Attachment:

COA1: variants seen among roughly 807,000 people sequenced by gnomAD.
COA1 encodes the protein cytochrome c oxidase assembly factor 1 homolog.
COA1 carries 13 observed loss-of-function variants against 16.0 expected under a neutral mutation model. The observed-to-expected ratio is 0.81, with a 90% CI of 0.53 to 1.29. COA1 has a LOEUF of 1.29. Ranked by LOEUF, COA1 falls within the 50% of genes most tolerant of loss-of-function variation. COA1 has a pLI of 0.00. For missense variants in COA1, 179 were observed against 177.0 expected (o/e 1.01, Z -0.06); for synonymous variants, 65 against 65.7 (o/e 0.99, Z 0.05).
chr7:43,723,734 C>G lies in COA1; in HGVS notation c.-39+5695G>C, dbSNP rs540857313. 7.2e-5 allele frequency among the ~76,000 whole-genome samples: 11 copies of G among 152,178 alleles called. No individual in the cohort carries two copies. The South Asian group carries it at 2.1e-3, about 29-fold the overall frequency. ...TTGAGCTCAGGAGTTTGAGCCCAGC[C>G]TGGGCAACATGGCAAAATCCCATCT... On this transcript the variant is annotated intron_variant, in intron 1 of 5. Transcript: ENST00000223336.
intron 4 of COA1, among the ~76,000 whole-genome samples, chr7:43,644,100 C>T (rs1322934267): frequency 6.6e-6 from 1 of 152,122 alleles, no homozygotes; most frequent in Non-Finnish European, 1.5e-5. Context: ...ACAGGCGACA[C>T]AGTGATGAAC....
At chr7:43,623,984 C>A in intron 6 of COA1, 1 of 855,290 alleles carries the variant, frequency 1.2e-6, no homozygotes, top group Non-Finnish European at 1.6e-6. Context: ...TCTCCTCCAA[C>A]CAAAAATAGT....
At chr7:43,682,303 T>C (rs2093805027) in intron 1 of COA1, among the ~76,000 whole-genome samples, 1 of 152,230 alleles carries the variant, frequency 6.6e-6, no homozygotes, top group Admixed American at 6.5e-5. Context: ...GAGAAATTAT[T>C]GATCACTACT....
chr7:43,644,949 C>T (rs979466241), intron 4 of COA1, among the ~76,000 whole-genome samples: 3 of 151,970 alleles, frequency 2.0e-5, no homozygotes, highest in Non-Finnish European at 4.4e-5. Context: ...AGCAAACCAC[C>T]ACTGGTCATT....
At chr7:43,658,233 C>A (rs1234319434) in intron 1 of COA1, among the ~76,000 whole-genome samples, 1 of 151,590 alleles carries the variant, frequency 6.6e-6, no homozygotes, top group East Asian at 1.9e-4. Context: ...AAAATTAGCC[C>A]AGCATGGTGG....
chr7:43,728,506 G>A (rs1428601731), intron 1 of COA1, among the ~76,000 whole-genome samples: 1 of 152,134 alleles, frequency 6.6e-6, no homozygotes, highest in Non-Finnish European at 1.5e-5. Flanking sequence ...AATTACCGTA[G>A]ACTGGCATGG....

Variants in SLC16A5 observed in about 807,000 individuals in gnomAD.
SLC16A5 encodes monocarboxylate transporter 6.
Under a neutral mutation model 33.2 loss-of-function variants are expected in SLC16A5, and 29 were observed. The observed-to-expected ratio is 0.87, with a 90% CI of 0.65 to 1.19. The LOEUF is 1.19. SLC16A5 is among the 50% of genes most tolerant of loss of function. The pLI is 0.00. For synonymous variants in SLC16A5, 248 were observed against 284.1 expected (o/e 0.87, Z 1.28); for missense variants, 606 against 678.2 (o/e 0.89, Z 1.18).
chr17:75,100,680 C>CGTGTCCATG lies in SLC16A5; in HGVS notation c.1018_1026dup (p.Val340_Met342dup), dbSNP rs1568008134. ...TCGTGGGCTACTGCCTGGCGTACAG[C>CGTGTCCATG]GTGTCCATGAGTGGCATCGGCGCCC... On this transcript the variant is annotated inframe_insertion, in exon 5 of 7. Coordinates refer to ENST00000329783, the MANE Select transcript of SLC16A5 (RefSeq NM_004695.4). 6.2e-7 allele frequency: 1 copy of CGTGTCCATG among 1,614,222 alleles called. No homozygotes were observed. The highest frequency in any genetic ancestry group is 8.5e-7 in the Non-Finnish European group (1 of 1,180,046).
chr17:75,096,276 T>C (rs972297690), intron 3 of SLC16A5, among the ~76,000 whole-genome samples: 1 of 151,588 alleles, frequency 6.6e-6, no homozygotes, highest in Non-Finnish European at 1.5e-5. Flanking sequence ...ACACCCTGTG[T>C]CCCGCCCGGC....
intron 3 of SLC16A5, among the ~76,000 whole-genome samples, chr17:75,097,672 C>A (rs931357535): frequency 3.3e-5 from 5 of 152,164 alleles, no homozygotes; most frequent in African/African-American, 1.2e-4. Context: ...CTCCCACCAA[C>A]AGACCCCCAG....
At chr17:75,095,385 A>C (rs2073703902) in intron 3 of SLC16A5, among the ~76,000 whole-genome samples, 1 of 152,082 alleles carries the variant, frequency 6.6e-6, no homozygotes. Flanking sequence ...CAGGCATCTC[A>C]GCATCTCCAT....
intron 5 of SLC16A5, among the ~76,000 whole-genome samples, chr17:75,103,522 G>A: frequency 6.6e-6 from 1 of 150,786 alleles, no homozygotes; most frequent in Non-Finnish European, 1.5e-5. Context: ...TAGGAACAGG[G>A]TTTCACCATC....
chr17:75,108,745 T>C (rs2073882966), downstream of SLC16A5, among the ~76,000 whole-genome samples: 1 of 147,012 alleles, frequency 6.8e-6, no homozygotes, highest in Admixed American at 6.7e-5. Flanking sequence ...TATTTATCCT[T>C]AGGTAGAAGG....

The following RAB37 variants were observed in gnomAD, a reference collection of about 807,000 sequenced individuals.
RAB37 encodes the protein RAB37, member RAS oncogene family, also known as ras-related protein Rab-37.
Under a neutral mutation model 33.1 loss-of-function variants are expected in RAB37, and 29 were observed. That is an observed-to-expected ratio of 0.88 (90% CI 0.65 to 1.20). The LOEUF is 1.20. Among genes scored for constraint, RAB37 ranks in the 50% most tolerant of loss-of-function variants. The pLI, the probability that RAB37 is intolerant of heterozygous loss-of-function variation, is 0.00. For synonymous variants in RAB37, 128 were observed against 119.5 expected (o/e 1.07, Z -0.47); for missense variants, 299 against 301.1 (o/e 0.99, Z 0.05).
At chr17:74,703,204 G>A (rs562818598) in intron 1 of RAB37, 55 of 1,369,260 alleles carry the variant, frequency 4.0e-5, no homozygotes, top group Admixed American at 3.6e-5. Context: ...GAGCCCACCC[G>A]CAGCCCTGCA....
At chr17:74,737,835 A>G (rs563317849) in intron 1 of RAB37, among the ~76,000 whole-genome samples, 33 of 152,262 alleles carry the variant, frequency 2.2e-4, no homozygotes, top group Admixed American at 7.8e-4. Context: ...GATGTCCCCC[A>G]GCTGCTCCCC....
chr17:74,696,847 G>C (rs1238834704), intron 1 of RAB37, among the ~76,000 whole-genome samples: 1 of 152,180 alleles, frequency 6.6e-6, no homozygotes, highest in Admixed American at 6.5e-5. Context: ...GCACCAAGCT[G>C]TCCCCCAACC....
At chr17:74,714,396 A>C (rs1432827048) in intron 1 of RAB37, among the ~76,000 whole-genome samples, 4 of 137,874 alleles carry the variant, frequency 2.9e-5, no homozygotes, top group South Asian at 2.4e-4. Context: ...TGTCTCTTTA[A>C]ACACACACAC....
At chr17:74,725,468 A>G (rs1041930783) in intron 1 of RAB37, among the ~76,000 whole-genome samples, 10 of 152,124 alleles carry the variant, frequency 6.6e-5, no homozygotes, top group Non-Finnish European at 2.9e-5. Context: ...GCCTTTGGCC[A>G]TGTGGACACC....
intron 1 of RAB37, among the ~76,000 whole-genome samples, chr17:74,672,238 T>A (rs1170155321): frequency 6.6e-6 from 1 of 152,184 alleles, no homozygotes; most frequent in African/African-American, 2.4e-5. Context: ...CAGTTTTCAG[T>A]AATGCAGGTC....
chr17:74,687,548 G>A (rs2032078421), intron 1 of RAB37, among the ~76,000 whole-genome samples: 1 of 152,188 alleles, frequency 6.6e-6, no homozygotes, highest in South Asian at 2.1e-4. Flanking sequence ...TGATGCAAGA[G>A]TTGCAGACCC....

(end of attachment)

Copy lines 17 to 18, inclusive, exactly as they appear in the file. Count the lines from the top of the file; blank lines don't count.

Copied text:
At chr17:75,095,385 A>C (rs2073703902) in intron 3 of SLC16A5, among the ~76,000 whole-genome samples, 1 of 152,082 alleles carries the variant, frequency 6.6e-6, no homozygotes. Flanking sequence ...CAGGCATCTC[A>C]GCATCTCCAT....
intron 5 of SLC16A5, among the ~76,000 whole-genome samples, chr17:75,103,522 G>A: frequency 6.6e-6 from 1 of 150,786 alleles, no homozygotes; most frequent in Non-Finnish European, 1.5e-5. Context: ...TAGGAACAGG[G>A]TTTCACCATC....